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2013 in Review: Healthcare .gov In an industry that changes as often as ours, it's easy to lose sight of just how much has happened in such a short period of time.

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Posted by SysAdmin on - Read

In an industry that changes as often as ours, it's easy to lose sight of just how much has happened in such a short period of time. Fortunately, with the help of our good buddy Dan Hanson (the Great Lakes Geek), Dave and I had the opportunity to sit back and reflect on many of the major web-related stories from 2013. Throughout the process, we share our insights about how you can learn from these stories to better promote your business online.

Up first (and please remember we're talking about websites, not politics): What went wrong with the initial launch of Healthcare.gov.

We'll be posting these videos regularly over the next couple of weeks, so make sure to check back often!

Video Transcription

Dan: Okay, the big news in the last few weeks has obviously been the rollout of the Healthcare.gov website. No matter what your political persuasion is, whether you are a fan of the Affordable Healthcare Act or ObamaCare, or whatever. I think both sides – everyone – agrees that the roll-out of the website has been pretty much a fiasco.

So today, we're talking with two pros in that field. We've got Matt Mesenger, the Director of Web Marketing at Aztek, and Dave Skorepa, the Chief Creative Officer. Aztek’s been around for over 16 years, got 600-something clients, thousands of websites. These guys know what they’re doing, and I think it'd be interesting to get their perspective on the roll-out of this. It's really an international incident here; the failure of this website to do what it should have.

Guys, give me your overall perspective. Dave, let's start with you. What happened with Healthcare.gov?

Dave: I don't know if it's easier to boil it down into one specific thing, but with any website, there are so many things that can trip it up, especially a bigger, more complicated website. The bigger it is, the more public it is, the more visitors that are coming to it, the greater the chances of something going wrong. Something as simple as, "Gee, we didn't think that many people were going to come to the website," is enough to sink a ship.

You add any of that kind of stuff up: an error, a page not being able to load, a server not being able to handle the requests, and it's just going to build up and crash it.

Dan: Now, Matt, here at Aztek, what would your process be with a project like this? I have to think there would be some kind of testing or soft launch, or more robust due diligence before something of this scale got launched.

Matt: Exactly right. In addition, I want to elaborate on another point that Dave had made in his comment. It's more than just about handling the amount of traffic and sites crashing. There's also a user-experience component to this. As I've been keeping up with what's been going on with Healthcare.gov, one of the things that I've been hearing about from people who have even been able to get through the process – the lucky few; they’ve been having trouble just understanding the usability and the functionality of the website.

It's really kind of a dual-issue in terms of the site crashing. If you are fortunate enough to get onto the site and complete the process, just understanding what the next step is, how many times you have to click a button to get to that next step...So really, again, as you had mentioned, there would be a lot of testing, a lot more testing that could have been done or should have been done on the site, not only to handle the amount of traffic, but from a usability perspective.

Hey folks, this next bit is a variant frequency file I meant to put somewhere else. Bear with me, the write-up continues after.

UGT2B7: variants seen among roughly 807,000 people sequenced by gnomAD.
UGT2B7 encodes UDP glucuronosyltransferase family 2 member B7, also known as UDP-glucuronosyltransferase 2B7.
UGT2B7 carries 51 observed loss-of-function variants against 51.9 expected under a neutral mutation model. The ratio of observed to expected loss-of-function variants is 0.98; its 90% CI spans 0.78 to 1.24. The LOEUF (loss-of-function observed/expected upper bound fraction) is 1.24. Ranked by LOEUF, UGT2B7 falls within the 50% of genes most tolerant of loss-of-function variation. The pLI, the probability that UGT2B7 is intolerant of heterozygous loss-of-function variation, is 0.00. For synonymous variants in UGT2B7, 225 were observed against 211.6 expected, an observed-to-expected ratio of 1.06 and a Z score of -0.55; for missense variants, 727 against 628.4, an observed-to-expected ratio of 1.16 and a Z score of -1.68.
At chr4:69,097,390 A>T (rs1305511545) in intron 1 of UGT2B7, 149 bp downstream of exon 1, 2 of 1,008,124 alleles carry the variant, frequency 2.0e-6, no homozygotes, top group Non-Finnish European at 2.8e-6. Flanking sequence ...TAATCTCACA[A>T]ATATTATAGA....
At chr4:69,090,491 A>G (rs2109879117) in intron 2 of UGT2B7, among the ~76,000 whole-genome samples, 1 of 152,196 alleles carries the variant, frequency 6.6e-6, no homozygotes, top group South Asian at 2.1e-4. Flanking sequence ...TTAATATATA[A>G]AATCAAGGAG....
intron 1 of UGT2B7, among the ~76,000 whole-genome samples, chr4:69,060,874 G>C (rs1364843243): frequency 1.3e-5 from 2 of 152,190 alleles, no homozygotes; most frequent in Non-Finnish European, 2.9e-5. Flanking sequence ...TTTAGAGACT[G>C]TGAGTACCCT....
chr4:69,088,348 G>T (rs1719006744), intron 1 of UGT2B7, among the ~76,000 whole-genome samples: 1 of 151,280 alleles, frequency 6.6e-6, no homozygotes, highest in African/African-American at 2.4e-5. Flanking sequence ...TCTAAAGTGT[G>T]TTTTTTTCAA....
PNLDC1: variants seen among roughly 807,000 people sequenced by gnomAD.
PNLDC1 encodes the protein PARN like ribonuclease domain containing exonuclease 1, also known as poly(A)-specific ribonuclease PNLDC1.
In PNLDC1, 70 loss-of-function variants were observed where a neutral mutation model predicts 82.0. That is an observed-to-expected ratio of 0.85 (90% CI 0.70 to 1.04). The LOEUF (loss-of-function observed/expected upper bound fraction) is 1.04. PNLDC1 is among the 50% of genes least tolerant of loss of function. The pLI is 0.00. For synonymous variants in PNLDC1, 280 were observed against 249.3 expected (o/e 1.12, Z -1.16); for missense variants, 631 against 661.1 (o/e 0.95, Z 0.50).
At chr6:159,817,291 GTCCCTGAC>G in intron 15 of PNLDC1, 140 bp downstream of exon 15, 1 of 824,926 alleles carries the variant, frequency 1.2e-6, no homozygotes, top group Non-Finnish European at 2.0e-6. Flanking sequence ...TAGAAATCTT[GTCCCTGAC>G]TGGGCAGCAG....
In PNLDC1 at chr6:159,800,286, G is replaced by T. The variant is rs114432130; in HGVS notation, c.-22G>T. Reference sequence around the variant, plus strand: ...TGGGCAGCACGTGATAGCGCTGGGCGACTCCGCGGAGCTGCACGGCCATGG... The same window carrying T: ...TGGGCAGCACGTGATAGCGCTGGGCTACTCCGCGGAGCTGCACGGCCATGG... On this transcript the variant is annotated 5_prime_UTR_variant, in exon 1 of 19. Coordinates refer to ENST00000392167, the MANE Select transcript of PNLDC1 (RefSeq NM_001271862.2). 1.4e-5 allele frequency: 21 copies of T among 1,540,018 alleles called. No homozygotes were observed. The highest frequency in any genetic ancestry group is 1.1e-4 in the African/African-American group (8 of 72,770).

Dan: Yeah, and that's what it seems like. The errors were made in the two major areas. You've got to have the robust and scalable back-end, which, a database is a database but when you get that big, you have a lot of issues to deal with. But that front-end, both areas seem to be – the user-experience wasn't what it should have been or could have been. For something of that magnitude, it doesn't look good for those developers.

Dave: It's a shame, but it's important to remember, too. I mean, it's not like the government isn't capable of doing things right. It's a shame it shut down for budgetary reasons, primarily. But they very successfully launched a site awhile back called Data.gov, which was an incredible idea. It just was one of those things, it was like, "Well, it's not really a necessity," and not that many people were taking advantage of it. But it was a really cool idea and was really well-executed. But nobody comes out and pats them on the back and says, "Hey, that's really cool. Good job." It's easier to say, "Oh, you really screwed this one up and we're going to vilify you for it."

Dan: So if you got a call from the Administration [who] said, "All right, Dave and Matt, we need some help with Healthcare.gov here." What would be a few things that you would just say, in general, for developers, and for this site, or any major site, that you have to do before you have a launch of this magnitude?"

Dave: Test, test, test. I mean, the adage that "Anything that can go wrong will," has to be accounted for there, because there's too much pressure. They had to anticipate that opponents of ObamaCare were going to be looking for anything, anything to just trash this and demonstrate it as a failure. That's one luxury here, I guess, that we have. That we don't have an entire army of political opposition just waiting for us to screw something up, or hoping that... you know what I mean, wishing ill on us? In a pressured situation like that, you've got to have things so buttoned-up that you are bulletproof going into that site launch and have backup plan, after backup plan, after backup plan and, clearly, they didn't.

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